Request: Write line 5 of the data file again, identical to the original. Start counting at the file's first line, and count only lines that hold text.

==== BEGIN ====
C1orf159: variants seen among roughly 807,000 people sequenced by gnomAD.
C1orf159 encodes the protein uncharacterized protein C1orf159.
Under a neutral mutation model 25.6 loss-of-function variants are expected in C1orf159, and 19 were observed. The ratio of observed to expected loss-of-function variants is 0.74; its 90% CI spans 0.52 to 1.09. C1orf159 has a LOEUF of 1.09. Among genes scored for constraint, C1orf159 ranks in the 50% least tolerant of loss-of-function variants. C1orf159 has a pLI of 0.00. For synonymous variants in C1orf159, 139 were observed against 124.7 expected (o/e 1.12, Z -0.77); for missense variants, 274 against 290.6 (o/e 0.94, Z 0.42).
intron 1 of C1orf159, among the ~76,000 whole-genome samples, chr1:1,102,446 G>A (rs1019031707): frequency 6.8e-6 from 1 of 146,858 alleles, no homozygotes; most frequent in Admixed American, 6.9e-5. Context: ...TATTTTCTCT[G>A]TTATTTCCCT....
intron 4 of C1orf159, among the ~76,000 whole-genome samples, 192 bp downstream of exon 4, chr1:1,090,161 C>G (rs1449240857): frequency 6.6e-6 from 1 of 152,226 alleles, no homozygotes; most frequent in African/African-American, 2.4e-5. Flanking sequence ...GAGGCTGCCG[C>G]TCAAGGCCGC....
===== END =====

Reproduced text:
intron 4 of C1orf159, among the ~76,000 whole-genome samples, 192 bp downstream of exon 4, chr1:1,090,161 C>G (rs1449240857): frequency 6.6e-6 from 1 of 152,226 alleles, no homozygotes; most frequent in African/African-American, 2.4e-5. Flanking sequence ...GAGGCTGCCG[C>G]TCAAGGCCGC....